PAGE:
The Bible is Fiction?

Posted by Matt Postiff November 21, 2013 on Matt Postiff's Blog under GeneralĀ 

USA Today and report that a pastor in California noticed Bibles mislabeled for sale as "fiction." Costco relabeled the Bibles and apologized. Problem solved.

Or is it?

There are many people who would agree that the Bible is fiction. They would argue that Costco should have kept the category as is because it is accurate. But on what basis do they make that claim?

The news articles did not impart information that would help readers to know whether the Bible is actually fiction or not. Here are some thoughts to fill in that gap.

The first four New Testament books (Matthew, Mark, Luke, John) are biographies of Jesus written by eyewitnesses and close associates. The fifth book, Acts, is a history of the early church, also written by an eyewitness. As they consist of eyewitness accounts and have been confirmed in many points by archaeology, they can hardly be called fiction. Those who suggest these writings are fiction would do well to consider the historical evidence for Jesus in comparison to any other major figure of the ancient world whose existence they acknowledge.

The remainder of the New Testament books are letters from Paul, James, John, Peter, and Jude to particular recipients. As such, they are first-century "epistles" of great historical value that discuss the Christian faith. Such letters are not in the fiction genre but are rather of the epistolary genre.

As for the Old Testament, the first five books were written by the hand of Moses. They record events before his lifetime, such as creation, and many events in which he was a firsthand participant. Many of these events, again, are substantiated by archaeological evidence. No one can doubt that the law of Moses was a historical reality and greatly influential upon the Jewish people. Joshua and Judges and the books of the Hebrew Kings (Samuel, Kings, Chronicles) are also historical books. The prophets basically predict Israel's demise and call the nation back to faithfulness to its covenant with God made through Moses. These are ancient documents of no small import, many replete with fulfilled predictive prophecy and prophecies that have not yet come to pass. The argument can be sustained that none of these books are fiction.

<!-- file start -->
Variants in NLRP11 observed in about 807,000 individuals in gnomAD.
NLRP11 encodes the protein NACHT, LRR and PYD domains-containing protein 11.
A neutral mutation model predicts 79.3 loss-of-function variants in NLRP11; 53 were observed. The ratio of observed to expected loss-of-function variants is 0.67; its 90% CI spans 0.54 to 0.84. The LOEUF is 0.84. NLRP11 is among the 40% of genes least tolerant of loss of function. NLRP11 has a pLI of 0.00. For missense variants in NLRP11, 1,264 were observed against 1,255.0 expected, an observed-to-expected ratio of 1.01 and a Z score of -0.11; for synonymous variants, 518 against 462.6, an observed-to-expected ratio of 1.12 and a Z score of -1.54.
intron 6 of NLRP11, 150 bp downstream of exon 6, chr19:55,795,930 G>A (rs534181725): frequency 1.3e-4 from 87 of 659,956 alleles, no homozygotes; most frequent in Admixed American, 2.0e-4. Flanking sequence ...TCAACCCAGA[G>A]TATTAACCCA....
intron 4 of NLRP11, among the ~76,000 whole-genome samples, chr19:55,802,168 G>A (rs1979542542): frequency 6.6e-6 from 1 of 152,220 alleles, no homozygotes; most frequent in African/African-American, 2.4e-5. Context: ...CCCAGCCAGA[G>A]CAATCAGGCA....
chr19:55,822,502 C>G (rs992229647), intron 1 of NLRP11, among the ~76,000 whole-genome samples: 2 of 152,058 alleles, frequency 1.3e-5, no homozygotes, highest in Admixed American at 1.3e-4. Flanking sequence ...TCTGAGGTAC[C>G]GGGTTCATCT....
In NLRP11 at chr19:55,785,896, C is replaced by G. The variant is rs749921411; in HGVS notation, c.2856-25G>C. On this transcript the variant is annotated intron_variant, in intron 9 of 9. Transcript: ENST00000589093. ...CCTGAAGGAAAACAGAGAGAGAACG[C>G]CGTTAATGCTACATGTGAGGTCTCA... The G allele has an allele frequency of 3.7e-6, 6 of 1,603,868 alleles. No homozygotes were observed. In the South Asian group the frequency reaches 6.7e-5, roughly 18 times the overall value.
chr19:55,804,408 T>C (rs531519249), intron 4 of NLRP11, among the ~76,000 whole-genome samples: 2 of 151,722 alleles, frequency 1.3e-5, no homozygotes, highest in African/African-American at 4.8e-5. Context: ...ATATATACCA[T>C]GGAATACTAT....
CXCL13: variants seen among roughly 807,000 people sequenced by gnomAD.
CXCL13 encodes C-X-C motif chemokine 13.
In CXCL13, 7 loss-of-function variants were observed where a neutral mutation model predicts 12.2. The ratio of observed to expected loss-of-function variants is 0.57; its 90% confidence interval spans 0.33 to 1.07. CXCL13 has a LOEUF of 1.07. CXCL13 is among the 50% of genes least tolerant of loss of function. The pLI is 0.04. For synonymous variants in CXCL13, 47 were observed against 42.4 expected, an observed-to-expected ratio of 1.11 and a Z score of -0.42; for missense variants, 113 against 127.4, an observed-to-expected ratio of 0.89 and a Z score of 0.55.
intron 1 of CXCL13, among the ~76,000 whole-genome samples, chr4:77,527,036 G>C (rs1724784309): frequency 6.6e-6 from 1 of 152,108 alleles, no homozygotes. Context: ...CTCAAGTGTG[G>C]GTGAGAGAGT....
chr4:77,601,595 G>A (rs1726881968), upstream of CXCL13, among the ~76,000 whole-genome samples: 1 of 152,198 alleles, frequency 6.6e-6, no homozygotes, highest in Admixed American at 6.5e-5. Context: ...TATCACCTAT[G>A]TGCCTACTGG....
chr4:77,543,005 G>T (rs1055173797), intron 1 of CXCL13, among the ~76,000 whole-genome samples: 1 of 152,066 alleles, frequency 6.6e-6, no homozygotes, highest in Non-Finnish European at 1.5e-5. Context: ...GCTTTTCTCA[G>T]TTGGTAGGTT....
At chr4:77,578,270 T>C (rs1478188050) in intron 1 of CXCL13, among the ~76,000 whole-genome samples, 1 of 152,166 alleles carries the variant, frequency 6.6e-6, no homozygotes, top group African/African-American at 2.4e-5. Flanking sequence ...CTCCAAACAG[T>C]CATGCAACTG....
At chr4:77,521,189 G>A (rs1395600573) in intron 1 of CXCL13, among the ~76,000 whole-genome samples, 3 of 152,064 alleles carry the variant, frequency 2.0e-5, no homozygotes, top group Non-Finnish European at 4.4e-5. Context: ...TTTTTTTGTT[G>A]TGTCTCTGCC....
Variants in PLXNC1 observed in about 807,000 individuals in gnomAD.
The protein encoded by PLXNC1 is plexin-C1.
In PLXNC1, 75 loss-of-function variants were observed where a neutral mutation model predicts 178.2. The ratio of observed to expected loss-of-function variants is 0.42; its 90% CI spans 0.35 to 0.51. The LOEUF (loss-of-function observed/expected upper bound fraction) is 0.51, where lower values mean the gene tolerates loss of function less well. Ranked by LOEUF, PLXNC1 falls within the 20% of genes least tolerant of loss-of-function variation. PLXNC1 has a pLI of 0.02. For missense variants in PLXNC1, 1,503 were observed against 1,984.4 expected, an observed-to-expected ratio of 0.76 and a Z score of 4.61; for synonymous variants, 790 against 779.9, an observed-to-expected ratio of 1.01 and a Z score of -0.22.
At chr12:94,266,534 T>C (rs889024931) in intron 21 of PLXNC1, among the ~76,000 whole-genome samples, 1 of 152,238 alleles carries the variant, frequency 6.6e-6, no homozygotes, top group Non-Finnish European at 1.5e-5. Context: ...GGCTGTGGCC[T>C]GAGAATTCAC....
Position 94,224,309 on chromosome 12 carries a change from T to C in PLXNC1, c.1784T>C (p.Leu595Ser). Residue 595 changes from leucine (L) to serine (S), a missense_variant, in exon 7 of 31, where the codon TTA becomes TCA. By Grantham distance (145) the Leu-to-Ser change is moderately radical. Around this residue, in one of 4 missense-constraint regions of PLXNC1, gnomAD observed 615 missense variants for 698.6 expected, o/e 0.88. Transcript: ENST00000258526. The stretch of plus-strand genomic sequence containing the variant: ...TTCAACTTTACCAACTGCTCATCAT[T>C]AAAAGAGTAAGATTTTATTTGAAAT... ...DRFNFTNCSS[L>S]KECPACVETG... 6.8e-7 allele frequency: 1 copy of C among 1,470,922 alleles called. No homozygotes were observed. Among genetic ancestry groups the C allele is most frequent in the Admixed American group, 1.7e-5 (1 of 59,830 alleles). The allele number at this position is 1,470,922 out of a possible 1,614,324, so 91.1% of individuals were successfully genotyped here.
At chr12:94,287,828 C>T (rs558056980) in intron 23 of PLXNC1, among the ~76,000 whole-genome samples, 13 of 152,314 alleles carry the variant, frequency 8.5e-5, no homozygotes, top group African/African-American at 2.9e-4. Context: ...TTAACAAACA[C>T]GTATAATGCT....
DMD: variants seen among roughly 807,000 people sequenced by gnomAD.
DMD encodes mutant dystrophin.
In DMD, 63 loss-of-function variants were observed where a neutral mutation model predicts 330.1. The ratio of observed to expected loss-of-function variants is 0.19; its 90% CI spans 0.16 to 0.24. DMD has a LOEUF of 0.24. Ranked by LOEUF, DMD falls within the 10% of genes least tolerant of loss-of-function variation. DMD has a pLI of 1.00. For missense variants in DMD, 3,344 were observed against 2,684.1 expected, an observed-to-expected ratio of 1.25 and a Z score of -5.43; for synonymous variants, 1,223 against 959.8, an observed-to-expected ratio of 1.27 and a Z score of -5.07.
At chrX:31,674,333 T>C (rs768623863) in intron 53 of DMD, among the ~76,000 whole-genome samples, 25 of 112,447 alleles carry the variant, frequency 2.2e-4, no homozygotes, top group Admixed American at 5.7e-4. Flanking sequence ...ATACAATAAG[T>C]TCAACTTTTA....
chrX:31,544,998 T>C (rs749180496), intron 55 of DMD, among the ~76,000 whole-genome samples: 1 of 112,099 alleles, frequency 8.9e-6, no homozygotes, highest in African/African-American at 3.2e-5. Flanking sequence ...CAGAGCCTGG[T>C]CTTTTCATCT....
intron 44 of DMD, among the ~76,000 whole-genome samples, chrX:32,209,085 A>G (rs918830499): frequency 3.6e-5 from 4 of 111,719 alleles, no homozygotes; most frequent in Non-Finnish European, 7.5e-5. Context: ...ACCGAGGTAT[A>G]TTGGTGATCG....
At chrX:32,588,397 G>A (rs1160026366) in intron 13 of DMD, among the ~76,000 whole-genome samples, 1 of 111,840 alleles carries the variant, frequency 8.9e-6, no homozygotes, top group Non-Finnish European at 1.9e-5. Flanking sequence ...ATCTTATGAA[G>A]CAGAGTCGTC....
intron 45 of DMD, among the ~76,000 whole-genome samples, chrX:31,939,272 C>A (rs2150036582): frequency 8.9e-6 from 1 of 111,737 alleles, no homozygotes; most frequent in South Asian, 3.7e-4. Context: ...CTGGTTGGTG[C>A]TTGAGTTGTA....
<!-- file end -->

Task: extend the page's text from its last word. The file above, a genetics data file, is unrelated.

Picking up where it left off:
The poetic books are the remaining section of Scripture that I haven't mentioned. These books, such as the Psalms, contain Israel's hymnody and wisdom for living. These may be called poetic in genre, but not fiction. Many Psalms, for instance, reflect back on the historical realities of the nation of Israel. Proverbs mirror the historical Mosaic covenant.

True—our atheist opponents will say that the Bible's content is fictional. Some events recorded in the Bible, such as the creation account, are rejected in favor of evolutionary origins. Other parts of the Bible are rejected because they are not convenient to an un-holy lifestyle. But all this is a reflection on a belief system or worldview, not on the Bible itself. The Bible presents itself as non-fiction.

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